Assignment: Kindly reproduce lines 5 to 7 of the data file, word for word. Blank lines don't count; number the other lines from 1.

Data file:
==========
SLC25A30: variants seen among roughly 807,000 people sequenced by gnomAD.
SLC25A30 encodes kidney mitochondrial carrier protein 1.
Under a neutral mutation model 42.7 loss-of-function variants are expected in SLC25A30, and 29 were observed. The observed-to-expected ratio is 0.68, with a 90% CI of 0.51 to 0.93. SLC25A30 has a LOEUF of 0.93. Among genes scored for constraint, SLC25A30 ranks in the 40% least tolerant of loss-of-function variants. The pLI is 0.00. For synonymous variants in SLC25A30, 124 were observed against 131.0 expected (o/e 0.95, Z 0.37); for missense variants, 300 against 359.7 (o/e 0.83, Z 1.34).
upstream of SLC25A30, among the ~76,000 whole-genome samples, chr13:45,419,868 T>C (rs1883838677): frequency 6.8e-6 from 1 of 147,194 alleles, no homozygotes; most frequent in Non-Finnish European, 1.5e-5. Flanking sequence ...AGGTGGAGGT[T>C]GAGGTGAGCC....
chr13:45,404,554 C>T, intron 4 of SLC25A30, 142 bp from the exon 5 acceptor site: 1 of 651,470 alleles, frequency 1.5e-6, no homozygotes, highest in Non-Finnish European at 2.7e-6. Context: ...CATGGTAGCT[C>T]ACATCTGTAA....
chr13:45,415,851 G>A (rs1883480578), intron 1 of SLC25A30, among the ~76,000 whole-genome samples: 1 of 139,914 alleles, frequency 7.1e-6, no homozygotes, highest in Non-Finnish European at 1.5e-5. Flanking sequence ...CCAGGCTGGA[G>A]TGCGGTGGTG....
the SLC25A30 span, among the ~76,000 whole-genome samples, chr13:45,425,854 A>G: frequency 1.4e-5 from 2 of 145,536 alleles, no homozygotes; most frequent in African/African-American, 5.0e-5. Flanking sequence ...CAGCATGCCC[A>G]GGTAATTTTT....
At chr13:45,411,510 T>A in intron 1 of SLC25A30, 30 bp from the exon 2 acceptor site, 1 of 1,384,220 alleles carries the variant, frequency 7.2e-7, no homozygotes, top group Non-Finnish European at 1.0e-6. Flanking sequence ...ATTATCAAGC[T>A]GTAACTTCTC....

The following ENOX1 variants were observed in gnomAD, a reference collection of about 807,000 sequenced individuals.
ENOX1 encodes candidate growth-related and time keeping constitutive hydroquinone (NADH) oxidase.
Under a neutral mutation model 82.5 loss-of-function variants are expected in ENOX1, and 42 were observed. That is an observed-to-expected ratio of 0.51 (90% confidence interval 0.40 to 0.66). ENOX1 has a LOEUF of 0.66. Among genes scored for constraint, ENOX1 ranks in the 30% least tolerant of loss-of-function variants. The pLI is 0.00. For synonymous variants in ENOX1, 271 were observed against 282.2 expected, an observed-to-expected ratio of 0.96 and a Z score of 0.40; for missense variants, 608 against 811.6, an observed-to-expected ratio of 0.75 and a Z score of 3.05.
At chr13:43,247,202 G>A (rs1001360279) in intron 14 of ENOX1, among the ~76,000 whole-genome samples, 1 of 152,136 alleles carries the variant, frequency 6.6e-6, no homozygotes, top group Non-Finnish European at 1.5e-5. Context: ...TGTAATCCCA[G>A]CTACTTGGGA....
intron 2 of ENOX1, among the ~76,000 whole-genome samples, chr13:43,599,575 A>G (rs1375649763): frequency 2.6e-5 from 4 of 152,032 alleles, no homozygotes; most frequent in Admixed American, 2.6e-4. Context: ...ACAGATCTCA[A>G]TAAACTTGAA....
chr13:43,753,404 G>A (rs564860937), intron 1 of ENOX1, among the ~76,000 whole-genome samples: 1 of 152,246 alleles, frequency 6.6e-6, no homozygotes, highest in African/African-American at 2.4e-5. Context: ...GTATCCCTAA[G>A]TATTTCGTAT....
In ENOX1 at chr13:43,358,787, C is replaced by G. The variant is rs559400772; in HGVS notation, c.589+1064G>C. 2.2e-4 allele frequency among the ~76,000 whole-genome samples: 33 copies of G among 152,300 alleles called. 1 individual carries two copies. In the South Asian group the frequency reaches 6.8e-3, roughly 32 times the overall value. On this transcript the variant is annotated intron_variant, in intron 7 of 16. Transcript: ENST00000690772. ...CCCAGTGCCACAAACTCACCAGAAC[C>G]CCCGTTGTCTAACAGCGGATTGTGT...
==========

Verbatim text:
chr13:45,404,554 C>T, intron 4 of SLC25A30, 142 bp from the exon 5 acceptor site: 1 of 651,470 alleles, frequency 1.5e-6, no homozygotes, highest in Non-Finnish European at 2.7e-6. Context: ...CATGGTAGCT[C>T]ACATCTGTAA....
chr13:45,415,851 G>A (rs1883480578), intron 1 of SLC25A30, among the ~76,000 whole-genome samples: 1 of 139,914 alleles, frequency 7.1e-6, no homozygotes, highest in Non-Finnish European at 1.5e-5. Flanking sequence ...CCAGGCTGGA[G>A]TGCGGTGGTG....
the SLC25A30 span, among the ~76,000 whole-genome samples, chr13:45,425,854 A>G: frequency 1.4e-5 from 2 of 145,536 alleles, no homozygotes; most frequent in African/African-American, 5.0e-5. Flanking sequence ...CAGCATGCCC[A>G]GGTAATTTTT....